Please Note: This article is written for users of the following Microsoft Excel versions: 2007, 2010, 2013, 2016, 2019, Excel in Microsoft 365, and 2021. If you are using an earlier version (Excel 2003 or earlier), this tip may not work for you. For a version of this tip written specifically for earlier versions of Excel, click here: Understanding Monospace Fonts.

Understanding Monospace Fonts

Written by Allen Wyatt (last updated December 9, 2023)
This tip applies to Excel 2007, 2010, 2013, 2016, 2019, Excel in Microsoft 365, and 2021


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In general, there are two types of fonts: proportional space and monospace. Proportional space fonts are designed so every letter only occupies the minimum horizontal space necessary for the letter. Thus, an "i" takes less space than a "w." Monospace typefaces, on the other hand, are designed so every letter and character takes the same amount of horizontal space. If you have ever spent any time working on typewriters, then you are familiar with monospace fonts—all the fonts used by typewriters fall into this category.

You can use either type of font in Excel—the only requirement is that the font be available within Windows. The type of font you select for use in your worksheets depends, in large part, on the purpose for which you are creating your worksheet. Monospace fonts are great for drafts and for pure numerical analysis. This is because every single character is the same width—the lack of "fanciness" means you can focus directly on the numbers. If you are creating a worksheet for more formal purposes or for publishing, then you will want to look toward some of the proportional fonts available on your system.

One important thing to keep in mind is that in virtually every font available, numbers are always monospace, provided they are formatted the same. Thus, if your worksheet contains only (or mostly) numeric data, then which font you choose to use is a purely aesthetic decision; the numbers will still line up in the font you choose. This is not the case, however if you change the formatting of the font. For instance, change the font size, and the numbers will no longer line up with numbers of a different font size in a different cell. This is also the case if you make certain cells bold or italic—all formatting can change the width of individual numbers in a cell.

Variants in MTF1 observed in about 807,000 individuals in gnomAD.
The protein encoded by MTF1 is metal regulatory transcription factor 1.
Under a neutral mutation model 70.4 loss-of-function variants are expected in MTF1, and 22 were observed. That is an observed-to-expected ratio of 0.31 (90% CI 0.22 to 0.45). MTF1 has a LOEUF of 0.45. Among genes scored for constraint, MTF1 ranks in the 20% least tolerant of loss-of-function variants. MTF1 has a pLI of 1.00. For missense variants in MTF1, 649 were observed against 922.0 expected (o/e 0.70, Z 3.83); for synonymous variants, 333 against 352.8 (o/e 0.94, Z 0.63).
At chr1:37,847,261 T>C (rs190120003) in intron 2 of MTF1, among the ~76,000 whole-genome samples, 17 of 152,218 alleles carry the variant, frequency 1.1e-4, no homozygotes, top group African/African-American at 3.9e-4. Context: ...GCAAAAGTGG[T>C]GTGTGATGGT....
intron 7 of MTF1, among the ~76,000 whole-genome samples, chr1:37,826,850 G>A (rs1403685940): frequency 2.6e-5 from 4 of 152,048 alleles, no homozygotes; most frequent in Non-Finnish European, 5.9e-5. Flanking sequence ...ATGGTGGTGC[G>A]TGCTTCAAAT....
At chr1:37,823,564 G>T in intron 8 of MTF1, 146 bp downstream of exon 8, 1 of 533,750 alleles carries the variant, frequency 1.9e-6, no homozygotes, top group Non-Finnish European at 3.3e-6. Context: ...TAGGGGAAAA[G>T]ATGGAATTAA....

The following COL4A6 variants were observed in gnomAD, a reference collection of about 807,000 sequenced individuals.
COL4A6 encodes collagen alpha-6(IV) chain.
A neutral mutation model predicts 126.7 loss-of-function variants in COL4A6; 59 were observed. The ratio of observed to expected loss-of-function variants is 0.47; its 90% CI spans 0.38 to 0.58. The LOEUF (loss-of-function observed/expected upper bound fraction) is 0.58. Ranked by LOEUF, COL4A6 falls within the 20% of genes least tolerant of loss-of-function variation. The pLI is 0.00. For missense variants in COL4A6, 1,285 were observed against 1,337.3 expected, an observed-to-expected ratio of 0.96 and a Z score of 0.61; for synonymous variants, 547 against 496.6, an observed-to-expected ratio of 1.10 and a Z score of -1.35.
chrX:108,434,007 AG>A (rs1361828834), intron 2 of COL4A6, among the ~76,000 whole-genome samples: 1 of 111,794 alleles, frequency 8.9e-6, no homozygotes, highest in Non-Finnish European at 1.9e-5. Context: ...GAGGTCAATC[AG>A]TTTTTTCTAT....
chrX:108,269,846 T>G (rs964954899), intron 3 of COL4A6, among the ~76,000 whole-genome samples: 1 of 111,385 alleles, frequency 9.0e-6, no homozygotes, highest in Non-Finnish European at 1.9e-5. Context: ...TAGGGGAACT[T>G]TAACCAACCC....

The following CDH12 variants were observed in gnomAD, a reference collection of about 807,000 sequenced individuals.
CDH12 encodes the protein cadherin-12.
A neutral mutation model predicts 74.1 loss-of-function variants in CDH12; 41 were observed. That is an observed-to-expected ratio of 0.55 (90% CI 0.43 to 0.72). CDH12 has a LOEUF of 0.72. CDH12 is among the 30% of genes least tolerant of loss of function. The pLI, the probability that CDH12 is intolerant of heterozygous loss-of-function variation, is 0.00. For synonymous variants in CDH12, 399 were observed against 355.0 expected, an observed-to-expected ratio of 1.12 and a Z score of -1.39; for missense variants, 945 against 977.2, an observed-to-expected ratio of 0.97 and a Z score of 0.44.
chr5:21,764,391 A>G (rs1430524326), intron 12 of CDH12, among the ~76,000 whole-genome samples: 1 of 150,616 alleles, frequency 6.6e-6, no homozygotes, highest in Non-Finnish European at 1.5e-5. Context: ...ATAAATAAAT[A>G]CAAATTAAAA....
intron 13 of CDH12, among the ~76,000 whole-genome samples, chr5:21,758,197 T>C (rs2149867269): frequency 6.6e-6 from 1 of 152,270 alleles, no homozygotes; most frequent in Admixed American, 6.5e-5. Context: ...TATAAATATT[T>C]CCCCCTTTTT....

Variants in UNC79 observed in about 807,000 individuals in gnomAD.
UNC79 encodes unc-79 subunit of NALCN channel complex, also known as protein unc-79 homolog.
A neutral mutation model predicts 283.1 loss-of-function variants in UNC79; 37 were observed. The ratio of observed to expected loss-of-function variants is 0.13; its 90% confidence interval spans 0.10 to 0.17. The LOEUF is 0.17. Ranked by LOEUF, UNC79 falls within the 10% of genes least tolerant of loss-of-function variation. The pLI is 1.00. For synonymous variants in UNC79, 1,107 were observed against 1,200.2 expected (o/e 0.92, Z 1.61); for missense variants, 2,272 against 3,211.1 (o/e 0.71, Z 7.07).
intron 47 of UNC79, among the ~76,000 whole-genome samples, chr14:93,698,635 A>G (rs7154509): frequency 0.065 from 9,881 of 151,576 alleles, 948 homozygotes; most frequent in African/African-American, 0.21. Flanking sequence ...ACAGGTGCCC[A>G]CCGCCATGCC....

ExcelTips is your source for cost-effective Microsoft Excel training. This tip (12573) applies to Microsoft Excel 2007, 2010, 2013, 2016, 2019, Excel in Microsoft 365, and 2021. You can find a version of this tip for the older menu interface of Excel here: Understanding Monospace Fonts.

Author Bio

Allen Wyatt

With more than 50 non-fiction books and numerous magazine articles to his credit, Allen Wyatt is an internationally recognized author. He is president of Sharon Parq Associates, a computer and publishing services company. ...

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What is two more than 7?

2023-12-10 02:45:39

Alex Blakenburg

Monospace typeface is especially useful if you get a text file from another system which is not delimited and looks like it is all over the place when you pull it into Excel. Typically this is a print file (ascii text file). If you change it to a monospaced font such as Courier New or Consolas in Excel, you may find that everything does nicely line up into columns.
You can then either use Data > Text to Columns > Fixed width to split it up or use a formula such as Left, Mid, Right to extract what you need based on their position in the line.
This also applies to having a column such as serial no that are a mix of alpha and numeric characters. Any patterns will be more obvious using monospace.


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